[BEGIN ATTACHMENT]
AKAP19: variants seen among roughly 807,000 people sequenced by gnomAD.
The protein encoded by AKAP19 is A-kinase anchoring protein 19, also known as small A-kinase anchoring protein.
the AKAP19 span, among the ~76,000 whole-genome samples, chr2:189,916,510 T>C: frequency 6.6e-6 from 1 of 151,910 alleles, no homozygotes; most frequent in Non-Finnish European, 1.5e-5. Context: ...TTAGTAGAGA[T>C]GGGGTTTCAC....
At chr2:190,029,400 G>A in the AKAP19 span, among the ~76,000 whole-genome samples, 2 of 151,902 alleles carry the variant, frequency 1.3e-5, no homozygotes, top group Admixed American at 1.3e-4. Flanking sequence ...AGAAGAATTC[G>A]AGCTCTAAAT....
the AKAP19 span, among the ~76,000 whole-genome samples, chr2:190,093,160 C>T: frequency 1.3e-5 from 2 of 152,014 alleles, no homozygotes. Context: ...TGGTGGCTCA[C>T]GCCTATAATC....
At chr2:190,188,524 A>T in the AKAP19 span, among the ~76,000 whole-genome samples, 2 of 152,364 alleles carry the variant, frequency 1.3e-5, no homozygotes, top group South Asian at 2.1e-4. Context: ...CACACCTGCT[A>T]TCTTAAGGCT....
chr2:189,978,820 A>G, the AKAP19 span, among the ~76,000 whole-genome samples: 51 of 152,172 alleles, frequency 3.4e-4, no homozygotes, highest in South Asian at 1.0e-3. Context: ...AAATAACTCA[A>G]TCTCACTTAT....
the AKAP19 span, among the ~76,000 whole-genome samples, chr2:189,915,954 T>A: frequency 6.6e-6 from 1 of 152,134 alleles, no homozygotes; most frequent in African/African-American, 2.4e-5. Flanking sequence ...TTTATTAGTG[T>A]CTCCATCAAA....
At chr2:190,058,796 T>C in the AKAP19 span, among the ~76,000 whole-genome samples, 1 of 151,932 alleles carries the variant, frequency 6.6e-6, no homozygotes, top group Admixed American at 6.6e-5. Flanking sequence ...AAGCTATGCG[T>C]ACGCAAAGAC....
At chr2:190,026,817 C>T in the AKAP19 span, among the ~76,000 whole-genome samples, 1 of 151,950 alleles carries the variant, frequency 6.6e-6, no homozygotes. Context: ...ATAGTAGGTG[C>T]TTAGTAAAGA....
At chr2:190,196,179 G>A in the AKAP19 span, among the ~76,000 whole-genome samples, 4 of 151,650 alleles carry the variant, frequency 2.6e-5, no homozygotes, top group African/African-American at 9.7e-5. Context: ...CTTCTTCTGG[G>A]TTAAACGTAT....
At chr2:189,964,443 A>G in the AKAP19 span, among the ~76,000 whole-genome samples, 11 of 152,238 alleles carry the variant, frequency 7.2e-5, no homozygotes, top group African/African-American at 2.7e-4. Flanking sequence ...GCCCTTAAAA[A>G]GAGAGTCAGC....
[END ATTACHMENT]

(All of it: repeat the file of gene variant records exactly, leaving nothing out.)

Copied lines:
AKAP19: variants seen among roughly 807,000 people sequenced by gnomAD.
The protein encoded by AKAP19 is A-kinase anchoring protein 19, also known as small A-kinase anchoring protein.
the AKAP19 span, among the ~76,000 whole-genome samples, chr2:189,916,510 T>C: frequency 6.6e-6 from 1 of 151,910 alleles, no homozygotes; most frequent in Non-Finnish European, 1.5e-5. Context: ...TTAGTAGAGA[T>C]GGGGTTTCAC....
At chr2:190,029,400 G>A in the AKAP19 span, among the ~76,000 whole-genome samples, 2 of 151,902 alleles carry the variant, frequency 1.3e-5, no homozygotes, top group Admixed American at 1.3e-4. Flanking sequence ...AGAAGAATTC[G>A]AGCTCTAAAT....
the AKAP19 span, among the ~76,000 whole-genome samples, chr2:190,093,160 C>T: frequency 1.3e-5 from 2 of 152,014 alleles, no homozygotes. Context: ...TGGTGGCTCA[C>T]GCCTATAATC....
At chr2:190,188,524 A>T in the AKAP19 span, among the ~76,000 whole-genome samples, 2 of 152,364 alleles carry the variant, frequency 1.3e-5, no homozygotes, top group South Asian at 2.1e-4. Context: ...CACACCTGCT[A>T]TCTTAAGGCT....
chr2:189,978,820 A>G, the AKAP19 span, among the ~76,000 whole-genome samples: 51 of 152,172 alleles, frequency 3.4e-4, no homozygotes, highest in South Asian at 1.0e-3. Context: ...AAATAACTCA[A>G]TCTCACTTAT....
the AKAP19 span, among the ~76,000 whole-genome samples, chr2:189,915,954 T>A: frequency 6.6e-6 from 1 of 152,134 alleles, no homozygotes; most frequent in African/African-American, 2.4e-5. Flanking sequence ...TTTATTAGTG[T>A]CTCCATCAAA....
At chr2:190,058,796 T>C in the AKAP19 span, among the ~76,000 whole-genome samples, 1 of 151,932 alleles carries the variant, frequency 6.6e-6, no homozygotes, top group Admixed American at 6.6e-5. Flanking sequence ...AAGCTATGCG[T>C]ACGCAAAGAC....
At chr2:190,026,817 C>T in the AKAP19 span, among the ~76,000 whole-genome samples, 1 of 151,950 alleles carries the variant, frequency 6.6e-6, no homozygotes. Context: ...ATAGTAGGTG[C>T]TTAGTAAAGA....
At chr2:190,196,179 G>A in the AKAP19 span, among the ~76,000 whole-genome samples, 4 of 151,650 alleles carry the variant, frequency 2.6e-5, no homozygotes, top group African/African-American at 9.7e-5. Context: ...CTTCTTCTGG[G>A]TTAAACGTAT....
At chr2:189,964,443 A>G in the AKAP19 span, among the ~76,000 whole-genome samples, 11 of 152,238 alleles carry the variant, frequency 7.2e-5, no homozygotes, top group African/African-American at 2.7e-4. Flanking sequence ...GCCCTTAAAA[A>G]GAGAGTCAGC....